The 35-year-old is undoubtedly one of the most competitive men at the pinnacle of racing, but beating his opponents doesn't quite generate the same buzz as the sheer pleasure of mastering a 900bhp beast and the mind-blowing experience it entails.
"I am a competitive person and competition is important in F1, but I don’t race in F1 for the competition," Alonso explained in an interview published on the official McLaren website.
" I can get that in other areas of my life, like cycling and playing tennis – or racing my mother to the supermarket. The reason I race in F1 is because the cars give me a feeling that I can’t get anywhere else. It’s unique."
The double-world champion tries to convey his feelings and the steep 'rush' he gets behind the wheel of a Grand Prix thoroughbred, as well as the difference between the competition and driving.
"It’s hard to explain what this feeling is like because nothing else comes close to F1. Your brain has to re-set every time you get in the car because things happen so fast.
"If you haven’t driven an F1 car for a few weeks, the level of performance takes you by surprise.
"I go karting to enjoy the competition; I drive in F1 for this feeling. The driving styles in karting and F1 are quite similar, but nothing unexpected happens in a go-kart.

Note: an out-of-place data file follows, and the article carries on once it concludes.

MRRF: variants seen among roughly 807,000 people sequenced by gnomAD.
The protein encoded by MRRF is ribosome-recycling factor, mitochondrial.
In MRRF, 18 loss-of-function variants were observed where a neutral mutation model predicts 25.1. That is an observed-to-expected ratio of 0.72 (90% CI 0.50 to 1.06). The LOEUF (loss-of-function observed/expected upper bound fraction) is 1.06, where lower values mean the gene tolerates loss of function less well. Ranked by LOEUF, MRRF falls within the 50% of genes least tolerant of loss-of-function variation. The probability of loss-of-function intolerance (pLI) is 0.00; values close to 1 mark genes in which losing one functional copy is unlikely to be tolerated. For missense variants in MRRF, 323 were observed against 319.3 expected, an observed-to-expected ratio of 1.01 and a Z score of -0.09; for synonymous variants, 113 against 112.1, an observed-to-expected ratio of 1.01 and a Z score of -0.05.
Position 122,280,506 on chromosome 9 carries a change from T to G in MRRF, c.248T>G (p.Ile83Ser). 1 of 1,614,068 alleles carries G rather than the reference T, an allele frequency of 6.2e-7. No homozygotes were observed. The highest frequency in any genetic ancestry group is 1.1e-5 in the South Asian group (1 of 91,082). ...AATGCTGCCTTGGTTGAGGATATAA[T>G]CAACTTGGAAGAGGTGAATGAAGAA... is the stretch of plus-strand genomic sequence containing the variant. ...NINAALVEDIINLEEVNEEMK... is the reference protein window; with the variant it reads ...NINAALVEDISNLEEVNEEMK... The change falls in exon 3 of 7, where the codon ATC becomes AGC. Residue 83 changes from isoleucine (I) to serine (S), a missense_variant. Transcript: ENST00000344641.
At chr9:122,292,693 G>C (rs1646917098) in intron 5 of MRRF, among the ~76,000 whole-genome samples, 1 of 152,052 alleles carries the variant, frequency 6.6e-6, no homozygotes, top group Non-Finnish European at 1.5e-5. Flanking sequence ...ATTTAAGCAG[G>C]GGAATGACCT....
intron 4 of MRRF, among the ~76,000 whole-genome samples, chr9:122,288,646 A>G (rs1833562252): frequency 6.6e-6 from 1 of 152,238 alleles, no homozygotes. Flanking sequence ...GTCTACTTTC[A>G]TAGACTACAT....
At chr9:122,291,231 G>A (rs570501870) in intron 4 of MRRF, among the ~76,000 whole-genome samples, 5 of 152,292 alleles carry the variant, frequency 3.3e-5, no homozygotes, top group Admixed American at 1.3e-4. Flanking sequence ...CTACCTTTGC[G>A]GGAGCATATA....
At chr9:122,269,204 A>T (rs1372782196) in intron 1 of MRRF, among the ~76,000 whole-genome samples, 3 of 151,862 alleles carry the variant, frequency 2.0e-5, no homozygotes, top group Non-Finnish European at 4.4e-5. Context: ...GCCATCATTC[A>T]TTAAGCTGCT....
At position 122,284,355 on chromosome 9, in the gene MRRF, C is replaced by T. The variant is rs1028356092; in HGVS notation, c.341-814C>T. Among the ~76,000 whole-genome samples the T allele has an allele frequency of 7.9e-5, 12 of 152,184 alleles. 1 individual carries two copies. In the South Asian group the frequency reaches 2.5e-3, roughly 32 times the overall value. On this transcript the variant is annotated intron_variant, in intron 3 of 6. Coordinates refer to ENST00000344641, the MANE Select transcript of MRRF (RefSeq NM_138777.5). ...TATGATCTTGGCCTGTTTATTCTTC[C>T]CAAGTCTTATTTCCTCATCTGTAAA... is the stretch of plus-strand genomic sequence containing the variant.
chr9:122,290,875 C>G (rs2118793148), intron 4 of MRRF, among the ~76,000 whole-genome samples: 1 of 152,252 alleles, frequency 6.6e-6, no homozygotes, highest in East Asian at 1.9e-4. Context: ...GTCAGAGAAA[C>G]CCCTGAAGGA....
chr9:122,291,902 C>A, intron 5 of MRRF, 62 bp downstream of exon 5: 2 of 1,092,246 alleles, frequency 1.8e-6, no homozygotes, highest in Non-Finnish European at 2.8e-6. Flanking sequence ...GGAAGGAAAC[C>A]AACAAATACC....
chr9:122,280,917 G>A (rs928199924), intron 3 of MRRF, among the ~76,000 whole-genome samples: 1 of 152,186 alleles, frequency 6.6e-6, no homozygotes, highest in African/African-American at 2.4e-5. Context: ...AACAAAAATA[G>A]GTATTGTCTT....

"Your brain is never taken by surprise. You can predict everything that the kart is going to do. That isn’t the case in F1, where you’re taken by surprise all the time.
"When you hit the brakes, your brain takes 0.2s to catch up. That’s a very nice feeling; that is the feeling."
As he basks in his fiercely competitive environment, Alonso also believes selfishness is a Grand Prix driver's most precious ally.
"You need to have no heart," he says.
"You are not enemies with the other drivers, but you have to focus on yourself to win. If you can ‘hurt’ someone by getting an advantage over them, that’s even better."